BCMP Welcomes Alan Brown

Structural biologist eager to study the mysterious cilium

The Department of Biological Chemistry and Molecular Pharmacology welcomed a new faculty member in fall 2017: Alan Brown, a structural biologist, moved across the pond after completing postdoctoral fellowships at the University of Cambridge and the Medical Research Council Laboratory of Molecular Biology in Cambridge, England.

Now that he’s settling in, Brown talked with Harvard Medicine News about taking leaps in science as well as geography and about what he likes to do when he has leisure time in between running a lab and raising two young children.

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Alan Brown
Assistant professor of biological chemistry and molecular pharmacology

Lab website

Research focus: I’m actually switching focus from how proteins are made by the ribosome to how proteins are moved around the cell. I’m particularly interested in a fascinating but somewhat understudied organelle called the cilium.

Cilia are hair-like projections on the surface of pretty much every eukaryotic cell, and they’re crucial for health and disease. They propel cells through liquid. They remove mucus from cells in the airways. They act like antennae for cell signals. For cilia to maintain their function, proteins have to be transported to and within them. We hope to visualize this transport process using structural biology methods, particularly electron cryomicroscopy, or cryo-EM.

Then we can start to understand what goes wrong. A lot of people have mutations in these transport machines that cause cilia dysfunction, which can lead to infertility, respiratory diseases, blindness and more. We’re lucky to have some grants to study the role of cilia in moving the protein rhodopsin around in the eye and the effect of mutations on retinal degeneration or blindness.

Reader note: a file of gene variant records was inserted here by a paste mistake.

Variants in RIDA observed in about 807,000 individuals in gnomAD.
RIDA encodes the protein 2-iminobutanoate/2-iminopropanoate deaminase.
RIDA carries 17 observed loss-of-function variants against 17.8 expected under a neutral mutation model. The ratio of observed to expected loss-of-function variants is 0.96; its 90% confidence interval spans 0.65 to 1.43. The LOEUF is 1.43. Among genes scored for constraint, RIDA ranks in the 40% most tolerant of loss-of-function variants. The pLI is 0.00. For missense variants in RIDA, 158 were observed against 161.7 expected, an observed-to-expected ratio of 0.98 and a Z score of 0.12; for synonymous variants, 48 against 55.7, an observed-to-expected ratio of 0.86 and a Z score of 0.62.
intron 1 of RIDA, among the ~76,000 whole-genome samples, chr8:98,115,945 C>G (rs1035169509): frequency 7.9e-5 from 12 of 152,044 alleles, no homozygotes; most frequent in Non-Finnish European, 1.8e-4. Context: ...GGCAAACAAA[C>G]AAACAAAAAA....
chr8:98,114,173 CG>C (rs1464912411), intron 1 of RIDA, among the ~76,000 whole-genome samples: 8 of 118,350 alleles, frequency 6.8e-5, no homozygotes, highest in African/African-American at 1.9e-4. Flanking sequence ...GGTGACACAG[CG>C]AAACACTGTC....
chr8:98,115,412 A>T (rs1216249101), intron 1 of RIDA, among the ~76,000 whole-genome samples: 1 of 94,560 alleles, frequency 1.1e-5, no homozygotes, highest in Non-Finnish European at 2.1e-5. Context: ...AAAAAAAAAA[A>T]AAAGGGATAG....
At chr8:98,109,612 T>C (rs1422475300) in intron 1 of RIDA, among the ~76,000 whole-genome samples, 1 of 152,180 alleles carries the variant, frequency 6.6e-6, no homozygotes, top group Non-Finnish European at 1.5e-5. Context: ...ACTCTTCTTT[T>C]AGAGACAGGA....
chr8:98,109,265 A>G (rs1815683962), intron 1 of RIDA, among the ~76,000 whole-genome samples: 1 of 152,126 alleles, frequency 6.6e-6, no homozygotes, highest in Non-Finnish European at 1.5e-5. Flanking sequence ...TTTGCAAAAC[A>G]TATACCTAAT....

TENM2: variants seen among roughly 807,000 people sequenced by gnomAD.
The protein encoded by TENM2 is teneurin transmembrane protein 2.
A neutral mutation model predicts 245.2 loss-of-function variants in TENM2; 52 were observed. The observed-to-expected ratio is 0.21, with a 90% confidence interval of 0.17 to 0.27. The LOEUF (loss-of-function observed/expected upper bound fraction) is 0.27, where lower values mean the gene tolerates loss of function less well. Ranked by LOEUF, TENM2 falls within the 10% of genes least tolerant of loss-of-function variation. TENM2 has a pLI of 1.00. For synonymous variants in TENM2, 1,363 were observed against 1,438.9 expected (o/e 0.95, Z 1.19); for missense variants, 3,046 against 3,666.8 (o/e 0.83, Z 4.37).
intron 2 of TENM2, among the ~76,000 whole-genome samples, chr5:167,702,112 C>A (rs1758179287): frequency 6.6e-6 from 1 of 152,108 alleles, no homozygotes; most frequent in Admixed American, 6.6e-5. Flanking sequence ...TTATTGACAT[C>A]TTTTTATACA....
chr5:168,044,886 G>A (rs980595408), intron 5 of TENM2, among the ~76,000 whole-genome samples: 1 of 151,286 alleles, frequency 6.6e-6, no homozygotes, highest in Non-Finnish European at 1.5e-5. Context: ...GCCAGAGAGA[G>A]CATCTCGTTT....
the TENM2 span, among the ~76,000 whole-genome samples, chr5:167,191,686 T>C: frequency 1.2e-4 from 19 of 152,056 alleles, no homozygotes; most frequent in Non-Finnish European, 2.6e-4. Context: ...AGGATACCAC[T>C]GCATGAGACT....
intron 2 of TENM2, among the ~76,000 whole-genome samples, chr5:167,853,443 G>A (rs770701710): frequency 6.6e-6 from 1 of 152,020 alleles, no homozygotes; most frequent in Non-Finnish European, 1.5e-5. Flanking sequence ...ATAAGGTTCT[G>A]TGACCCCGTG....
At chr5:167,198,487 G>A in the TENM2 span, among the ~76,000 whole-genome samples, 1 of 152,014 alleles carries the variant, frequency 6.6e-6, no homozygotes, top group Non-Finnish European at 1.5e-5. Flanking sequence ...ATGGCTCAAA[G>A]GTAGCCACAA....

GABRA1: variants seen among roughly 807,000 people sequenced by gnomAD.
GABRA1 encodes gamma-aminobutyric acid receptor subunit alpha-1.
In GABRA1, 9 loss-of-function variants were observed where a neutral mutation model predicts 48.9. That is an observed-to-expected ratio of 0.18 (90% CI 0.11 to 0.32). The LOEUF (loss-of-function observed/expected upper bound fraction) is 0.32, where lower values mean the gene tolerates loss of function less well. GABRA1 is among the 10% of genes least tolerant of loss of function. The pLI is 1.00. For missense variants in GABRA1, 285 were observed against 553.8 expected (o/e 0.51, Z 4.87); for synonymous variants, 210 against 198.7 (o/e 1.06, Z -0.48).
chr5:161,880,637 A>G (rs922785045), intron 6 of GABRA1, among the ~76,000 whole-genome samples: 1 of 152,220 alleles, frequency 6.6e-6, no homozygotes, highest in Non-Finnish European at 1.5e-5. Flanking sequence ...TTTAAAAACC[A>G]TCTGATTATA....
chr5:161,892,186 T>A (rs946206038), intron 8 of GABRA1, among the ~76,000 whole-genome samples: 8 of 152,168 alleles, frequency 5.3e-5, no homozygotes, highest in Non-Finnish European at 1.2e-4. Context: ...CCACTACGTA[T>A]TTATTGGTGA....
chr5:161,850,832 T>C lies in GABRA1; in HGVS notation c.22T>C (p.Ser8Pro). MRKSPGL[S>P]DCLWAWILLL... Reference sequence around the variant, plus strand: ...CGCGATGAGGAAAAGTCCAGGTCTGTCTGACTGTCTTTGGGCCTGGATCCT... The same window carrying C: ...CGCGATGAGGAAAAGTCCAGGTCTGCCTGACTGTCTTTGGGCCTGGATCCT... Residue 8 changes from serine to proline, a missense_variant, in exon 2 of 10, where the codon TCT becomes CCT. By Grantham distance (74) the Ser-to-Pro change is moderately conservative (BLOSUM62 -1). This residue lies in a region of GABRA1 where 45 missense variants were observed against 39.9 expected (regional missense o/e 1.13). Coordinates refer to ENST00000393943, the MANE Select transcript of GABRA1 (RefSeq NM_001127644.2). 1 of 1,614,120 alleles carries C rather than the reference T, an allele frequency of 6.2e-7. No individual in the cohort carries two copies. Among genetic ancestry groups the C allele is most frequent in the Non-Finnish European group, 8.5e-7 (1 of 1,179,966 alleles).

Where it all began: When I was 6 or 8 years old, my parents bought me a toy plastic microscope. It was completely useless—it was about the same as a magnifying glass. But I liked it. We’d go pond dipping and throw samples on slides. Then I progressed to more advanced microscopes.

I’ve always wanted to look ever smaller. Some people like to look at the stars and think big. That scared me, looking up at the heavens. I wanted to look at atoms. Never below the atom level, though; that can get scary again.

Reordered time: It’s quite a jump, going from a postdoc to a group leader. You go from focusing entirely on your own small project to suddenly having people to look after and four projects on the go at the same time and all these additional meetings and administration, and your nice working day is fragmented into chunks. It’s been difficult to adjust, but it’s also been fun.

Outside the lab: It feels like such a long time ago that I had hobbies! There’s no time to read with a four-year-old and a one-year-old at home. My wife is Chinese, so we used to travel a lot in Asia and Europe, and we’re looking forward to seeing more of the U.S. We also love to eat and go to restaurants, although now we have to go to child-friendly restaurants. I really enjoy watching sports. Now I have to get used to all these American sports. Formula One is my number-one thing, but that’s not popular here, I think.

Why HMS: I interviewed at a lot of places, and they were all great. I met some brilliant people. But BCMP was one of the best departments. Everyone was friendly as well as being great scientists. They take structural biology really seriously. There are fantastic structural biologists here.

Another selling point was Harvard’s recognition of the growing importance of cryo-EM in biology. When the facility is built here, it will be as good as anywhere in the world. If you want to stay ahead of other places, you have to put money into science. It’s great how the medical school and the hospitals could come together and share the costs. It’s a good blueprint for how science should work.